Anthony, who has long been rumored to be moved before Thursday's trade deadline, really had two teams in his sights -- the Knicks and the Nets.
While the Nets reached out to Denver and made an effort to land the All-Star with an offer based around rookie Derrick Favors and three to four first-round draft picks, the holdup for the deal was Anthony not being willing to sign a 3-year extension with the Nets. This ultimately left the Knicks bidding against themselves for their long-desired second superstar.
The trade analysis on this deal will be a long and heavy ordeal, as we head into an uncertain summer. With questions surrounding the collective bargaining agreement looming, the initial trade analysis has to take into consideration this summer's talks.
With that, it's certainly too early to determine the winners and losers of this deal. What we can do, however, is talk about the who and the why. Oh, and it wouldn't be a trade analysis piece if we didn't hand out team grades.
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Here are a few early thoughts on the blockbuster deal which went down late on Monday night.
NEW YORK KNICKS GET: Carmelo Anthony, Chauncey Billups, Shelden Williams, Anthony Carter and Renaldo Balkman from Denver. Corey Brewer from Minnesota.
The Knicks got their man in Carmelo Anthony. The price was steep, but we do need to take into consideration that this is New York and sometimes winning the headlines is often more important than winning the trade.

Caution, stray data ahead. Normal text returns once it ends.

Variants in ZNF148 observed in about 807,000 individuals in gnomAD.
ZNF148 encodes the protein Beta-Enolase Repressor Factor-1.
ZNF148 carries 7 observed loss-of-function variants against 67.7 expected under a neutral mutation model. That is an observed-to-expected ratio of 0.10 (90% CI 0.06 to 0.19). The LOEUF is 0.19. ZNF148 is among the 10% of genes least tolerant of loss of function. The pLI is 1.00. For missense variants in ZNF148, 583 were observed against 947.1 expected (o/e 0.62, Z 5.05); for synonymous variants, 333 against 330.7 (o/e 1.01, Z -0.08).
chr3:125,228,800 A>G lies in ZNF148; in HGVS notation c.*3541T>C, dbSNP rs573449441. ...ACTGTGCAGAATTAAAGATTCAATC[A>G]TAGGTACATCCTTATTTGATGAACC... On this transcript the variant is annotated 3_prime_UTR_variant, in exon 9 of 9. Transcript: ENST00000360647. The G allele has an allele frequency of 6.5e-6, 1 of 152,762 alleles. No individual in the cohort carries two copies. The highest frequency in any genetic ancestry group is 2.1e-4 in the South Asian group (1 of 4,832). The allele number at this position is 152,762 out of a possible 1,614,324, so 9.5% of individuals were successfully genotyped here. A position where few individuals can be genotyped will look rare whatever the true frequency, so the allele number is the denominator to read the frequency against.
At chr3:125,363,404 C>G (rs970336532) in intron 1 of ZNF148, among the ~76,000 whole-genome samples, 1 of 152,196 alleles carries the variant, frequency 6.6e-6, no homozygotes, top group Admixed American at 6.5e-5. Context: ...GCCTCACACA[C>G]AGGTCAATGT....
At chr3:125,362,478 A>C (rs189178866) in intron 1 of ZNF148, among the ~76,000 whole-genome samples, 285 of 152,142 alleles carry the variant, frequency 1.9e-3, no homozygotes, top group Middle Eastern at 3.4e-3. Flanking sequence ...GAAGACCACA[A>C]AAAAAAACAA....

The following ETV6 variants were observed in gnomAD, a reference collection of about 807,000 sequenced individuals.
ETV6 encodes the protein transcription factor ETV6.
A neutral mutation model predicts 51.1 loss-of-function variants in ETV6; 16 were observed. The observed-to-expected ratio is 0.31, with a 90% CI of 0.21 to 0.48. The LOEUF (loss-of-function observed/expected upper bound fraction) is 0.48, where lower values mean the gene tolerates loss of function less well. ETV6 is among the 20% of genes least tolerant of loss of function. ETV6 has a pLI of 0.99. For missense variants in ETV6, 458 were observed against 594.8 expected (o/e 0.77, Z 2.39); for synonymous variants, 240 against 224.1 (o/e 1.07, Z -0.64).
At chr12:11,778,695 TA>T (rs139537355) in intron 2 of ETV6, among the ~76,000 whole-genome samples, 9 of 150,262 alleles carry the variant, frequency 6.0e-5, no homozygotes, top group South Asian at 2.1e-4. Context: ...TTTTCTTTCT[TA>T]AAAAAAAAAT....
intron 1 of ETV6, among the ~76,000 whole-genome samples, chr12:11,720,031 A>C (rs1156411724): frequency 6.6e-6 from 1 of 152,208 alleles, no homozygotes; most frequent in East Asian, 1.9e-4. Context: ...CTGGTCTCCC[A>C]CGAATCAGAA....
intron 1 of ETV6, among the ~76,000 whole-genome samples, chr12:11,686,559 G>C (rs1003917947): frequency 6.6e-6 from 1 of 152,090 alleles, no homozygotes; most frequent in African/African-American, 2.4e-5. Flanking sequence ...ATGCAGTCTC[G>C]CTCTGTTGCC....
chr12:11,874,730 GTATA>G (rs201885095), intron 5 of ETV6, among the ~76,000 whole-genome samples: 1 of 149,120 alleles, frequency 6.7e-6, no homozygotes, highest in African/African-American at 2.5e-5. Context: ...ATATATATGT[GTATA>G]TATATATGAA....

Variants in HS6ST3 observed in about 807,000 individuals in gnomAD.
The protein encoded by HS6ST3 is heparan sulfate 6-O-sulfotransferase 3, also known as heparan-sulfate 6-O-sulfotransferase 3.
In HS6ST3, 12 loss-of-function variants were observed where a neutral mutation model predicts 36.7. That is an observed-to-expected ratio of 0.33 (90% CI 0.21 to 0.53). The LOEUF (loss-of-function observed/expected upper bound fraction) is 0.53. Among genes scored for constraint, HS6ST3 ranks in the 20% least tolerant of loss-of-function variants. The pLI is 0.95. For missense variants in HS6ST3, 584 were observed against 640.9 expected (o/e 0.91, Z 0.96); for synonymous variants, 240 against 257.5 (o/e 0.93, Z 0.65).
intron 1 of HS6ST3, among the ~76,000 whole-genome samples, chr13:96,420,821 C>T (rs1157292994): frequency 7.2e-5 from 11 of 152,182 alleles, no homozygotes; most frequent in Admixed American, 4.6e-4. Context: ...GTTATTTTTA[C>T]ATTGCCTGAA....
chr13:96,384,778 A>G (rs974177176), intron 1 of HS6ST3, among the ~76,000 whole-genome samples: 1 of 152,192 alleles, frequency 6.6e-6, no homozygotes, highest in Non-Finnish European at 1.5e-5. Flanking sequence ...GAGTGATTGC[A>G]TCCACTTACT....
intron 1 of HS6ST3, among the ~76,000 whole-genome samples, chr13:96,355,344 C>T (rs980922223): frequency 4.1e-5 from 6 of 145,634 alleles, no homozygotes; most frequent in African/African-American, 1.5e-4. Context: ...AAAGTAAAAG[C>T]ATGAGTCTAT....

Billups will naturally fit into the starting point guard slot for the Knicks, though it's not about how he'll fit into the team's 2010-11 plans, but more about what he'll save the team when the Knicks likely decline his $14.2 million team option this summer. The long-term goal is to bring in the likes of Chris Paul or Deron Williams in the summer of 2012.
Shelden Williams and Anthony Carter and their combined $2.2 million come off the books after this season, which merely makes them extra pieces in this deal. Williams might get some extra run off the bench for the Knicks, now that they're slim up front.
Renaldo Balkman, originally drafted by the Knicks in 2006 and a one-time fan favorite in New York, makes his return. Balkman's impact goes beyond this season, as he's on the books through the 2012-13 season. All told, Balkman, Amar'e Stoudemire and, presumably, Carmelo Anthony are the only three players on the Knicks who are under contract for the 2012-13 season.
Corey Brewer comes over to the Knicks in a somewhat related deal, one which sent Anthony Randolph and Eddy Curry's expiring contract to Minnesota. According to Howard Beck of The New York Times, the Knicks are actively persuing trade offers for Brewer, assuming the right deal comes their way. Meaning, we may not actually see Brewer in a Knicks jersey.
As I said earlier, it's tough to grade the Knicks' deal considering the many factors to consider. Was it worth the Knicks folding their hands and factoring in the CBA talks? Where do they go from here? Can they get the coveted third superstar they're after? So many questions, so little time to let the initial trade sink in.
Again, though, winning the morning back pages in New York and making a possible second-round exit in the playoffs means victory for owner James Dolan. Waking up and reading the headline "Say 'Melo To The Newest Knick" is a dream come true for Dolan.